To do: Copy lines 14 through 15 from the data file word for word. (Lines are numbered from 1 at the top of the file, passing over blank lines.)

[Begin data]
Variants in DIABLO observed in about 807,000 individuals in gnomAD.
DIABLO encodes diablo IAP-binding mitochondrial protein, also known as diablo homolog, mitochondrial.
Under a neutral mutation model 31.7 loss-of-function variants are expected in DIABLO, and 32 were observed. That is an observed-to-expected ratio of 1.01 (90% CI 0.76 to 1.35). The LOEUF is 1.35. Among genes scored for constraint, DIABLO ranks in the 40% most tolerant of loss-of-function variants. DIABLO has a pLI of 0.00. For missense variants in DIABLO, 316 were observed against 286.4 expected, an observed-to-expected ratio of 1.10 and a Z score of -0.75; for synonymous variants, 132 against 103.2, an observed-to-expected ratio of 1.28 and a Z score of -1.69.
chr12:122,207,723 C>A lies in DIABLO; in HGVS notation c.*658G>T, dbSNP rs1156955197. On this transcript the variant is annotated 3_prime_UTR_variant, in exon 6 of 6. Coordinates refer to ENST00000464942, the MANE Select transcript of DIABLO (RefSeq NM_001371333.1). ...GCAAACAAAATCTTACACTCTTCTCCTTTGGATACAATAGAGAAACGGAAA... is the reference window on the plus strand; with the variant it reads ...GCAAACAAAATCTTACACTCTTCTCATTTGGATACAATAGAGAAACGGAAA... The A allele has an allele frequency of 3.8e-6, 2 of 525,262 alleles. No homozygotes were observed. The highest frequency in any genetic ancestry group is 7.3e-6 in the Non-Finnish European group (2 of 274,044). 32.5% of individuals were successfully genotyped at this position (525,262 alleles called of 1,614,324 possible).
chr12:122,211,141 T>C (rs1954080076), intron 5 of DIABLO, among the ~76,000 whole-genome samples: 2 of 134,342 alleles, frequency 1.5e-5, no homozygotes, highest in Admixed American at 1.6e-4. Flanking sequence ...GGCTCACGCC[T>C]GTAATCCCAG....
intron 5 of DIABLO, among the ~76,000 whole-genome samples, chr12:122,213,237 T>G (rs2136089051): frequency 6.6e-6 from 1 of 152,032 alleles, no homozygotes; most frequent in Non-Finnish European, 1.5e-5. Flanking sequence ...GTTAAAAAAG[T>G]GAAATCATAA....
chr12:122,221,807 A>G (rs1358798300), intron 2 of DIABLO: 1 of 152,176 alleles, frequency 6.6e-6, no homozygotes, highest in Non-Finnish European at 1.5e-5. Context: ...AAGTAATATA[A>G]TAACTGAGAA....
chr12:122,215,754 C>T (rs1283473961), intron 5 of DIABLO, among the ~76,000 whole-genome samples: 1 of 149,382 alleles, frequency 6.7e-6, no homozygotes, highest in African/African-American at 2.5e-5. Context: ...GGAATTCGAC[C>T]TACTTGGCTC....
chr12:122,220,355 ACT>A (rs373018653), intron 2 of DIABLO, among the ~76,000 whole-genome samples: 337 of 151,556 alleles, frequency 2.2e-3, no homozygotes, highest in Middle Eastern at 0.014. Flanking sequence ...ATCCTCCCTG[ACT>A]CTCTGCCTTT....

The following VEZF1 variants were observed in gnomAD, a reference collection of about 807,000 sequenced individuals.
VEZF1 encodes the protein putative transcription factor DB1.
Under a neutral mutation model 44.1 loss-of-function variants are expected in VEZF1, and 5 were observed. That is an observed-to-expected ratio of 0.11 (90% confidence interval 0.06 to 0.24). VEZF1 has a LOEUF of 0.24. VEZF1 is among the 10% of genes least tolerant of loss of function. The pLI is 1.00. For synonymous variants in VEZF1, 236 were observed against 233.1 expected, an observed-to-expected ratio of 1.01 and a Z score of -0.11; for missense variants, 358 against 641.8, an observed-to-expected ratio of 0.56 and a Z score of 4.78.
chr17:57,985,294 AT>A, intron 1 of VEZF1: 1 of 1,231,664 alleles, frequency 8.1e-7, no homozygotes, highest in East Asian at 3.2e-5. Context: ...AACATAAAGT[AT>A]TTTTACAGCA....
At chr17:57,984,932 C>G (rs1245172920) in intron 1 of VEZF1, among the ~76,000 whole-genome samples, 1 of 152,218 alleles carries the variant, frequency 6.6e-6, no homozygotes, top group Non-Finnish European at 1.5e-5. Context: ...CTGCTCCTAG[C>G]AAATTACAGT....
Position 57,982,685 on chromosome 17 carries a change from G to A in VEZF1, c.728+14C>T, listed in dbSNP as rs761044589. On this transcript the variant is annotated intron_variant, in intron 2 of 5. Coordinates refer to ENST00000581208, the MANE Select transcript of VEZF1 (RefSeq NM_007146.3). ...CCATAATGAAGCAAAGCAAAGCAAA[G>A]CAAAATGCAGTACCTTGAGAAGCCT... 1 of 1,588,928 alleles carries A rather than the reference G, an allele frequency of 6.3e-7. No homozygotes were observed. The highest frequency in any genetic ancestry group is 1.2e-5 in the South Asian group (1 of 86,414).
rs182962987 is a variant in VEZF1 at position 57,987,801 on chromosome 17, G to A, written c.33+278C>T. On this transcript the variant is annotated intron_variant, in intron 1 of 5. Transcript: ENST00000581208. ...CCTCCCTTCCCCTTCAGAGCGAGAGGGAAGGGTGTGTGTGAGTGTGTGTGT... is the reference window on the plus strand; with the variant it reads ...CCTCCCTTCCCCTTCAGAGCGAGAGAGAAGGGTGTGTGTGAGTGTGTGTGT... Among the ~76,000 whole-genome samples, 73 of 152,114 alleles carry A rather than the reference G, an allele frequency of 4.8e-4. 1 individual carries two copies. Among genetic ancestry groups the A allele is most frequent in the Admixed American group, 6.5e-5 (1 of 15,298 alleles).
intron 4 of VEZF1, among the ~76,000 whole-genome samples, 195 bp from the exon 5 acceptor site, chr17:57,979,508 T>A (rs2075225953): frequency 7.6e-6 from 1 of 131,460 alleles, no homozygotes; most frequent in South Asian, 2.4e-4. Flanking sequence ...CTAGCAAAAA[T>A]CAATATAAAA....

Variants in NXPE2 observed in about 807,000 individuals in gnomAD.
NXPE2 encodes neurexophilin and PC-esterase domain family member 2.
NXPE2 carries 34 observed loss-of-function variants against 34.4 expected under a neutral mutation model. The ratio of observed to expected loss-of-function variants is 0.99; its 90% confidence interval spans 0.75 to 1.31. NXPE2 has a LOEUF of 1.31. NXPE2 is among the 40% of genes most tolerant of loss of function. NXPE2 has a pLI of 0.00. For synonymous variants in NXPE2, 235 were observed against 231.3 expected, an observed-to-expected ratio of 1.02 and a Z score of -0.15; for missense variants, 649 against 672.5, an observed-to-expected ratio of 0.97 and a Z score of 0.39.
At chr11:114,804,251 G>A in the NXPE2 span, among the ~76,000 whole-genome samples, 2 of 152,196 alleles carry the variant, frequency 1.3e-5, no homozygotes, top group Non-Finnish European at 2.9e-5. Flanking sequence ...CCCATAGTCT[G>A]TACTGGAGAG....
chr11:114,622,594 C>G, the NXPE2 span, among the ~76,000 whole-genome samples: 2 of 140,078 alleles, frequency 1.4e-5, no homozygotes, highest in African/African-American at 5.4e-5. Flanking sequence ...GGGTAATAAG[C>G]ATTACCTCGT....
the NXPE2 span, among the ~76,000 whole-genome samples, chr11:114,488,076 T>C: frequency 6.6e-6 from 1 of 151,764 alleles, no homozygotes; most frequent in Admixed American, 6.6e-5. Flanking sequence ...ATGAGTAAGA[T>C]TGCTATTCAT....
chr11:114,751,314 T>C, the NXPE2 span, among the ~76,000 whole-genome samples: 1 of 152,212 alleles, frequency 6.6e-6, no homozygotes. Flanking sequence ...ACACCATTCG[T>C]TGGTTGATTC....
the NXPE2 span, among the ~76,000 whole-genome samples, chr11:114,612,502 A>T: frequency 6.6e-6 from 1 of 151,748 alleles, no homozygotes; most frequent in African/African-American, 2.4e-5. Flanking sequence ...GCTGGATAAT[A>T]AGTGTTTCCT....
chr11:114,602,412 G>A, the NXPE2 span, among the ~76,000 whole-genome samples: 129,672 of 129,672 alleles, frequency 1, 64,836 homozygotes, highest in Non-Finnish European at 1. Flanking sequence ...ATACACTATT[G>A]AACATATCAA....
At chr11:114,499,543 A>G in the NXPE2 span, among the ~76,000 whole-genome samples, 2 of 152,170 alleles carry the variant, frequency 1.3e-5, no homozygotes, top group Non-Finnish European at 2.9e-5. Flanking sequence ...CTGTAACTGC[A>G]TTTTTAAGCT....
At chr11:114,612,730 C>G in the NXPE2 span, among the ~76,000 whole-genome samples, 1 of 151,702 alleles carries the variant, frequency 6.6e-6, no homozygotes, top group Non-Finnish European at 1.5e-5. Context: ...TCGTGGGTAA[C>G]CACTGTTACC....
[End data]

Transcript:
At chr17:57,984,932 C>G (rs1245172920) in intron 1 of VEZF1, among the ~76,000 whole-genome samples, 1 of 152,218 alleles carries the variant, frequency 6.6e-6, no homozygotes, top group Non-Finnish European at 1.5e-5. Context: ...CTGCTCCTAG[C>G]AAATTACAGT....
Position 57,982,685 on chromosome 17 carries a change from G to A in VEZF1, c.728+14C>T, listed in dbSNP as rs761044589. On this transcript the variant is annotated intron_variant, in intron 2 of 5. Coordinates refer to ENST00000581208, the MANE Select transcript of VEZF1 (RefSeq NM_007146.3). ...CCATAATGAAGCAAAGCAAAGCAAA[G>A]CAAAATGCAGTACCTTGAGAAGCCT... 1 of 1,588,928 alleles carries A rather than the reference G, an allele frequency of 6.3e-7. No homozygotes were observed. The highest frequency in any genetic ancestry group is 1.2e-5 in the South Asian group (1 of 86,414).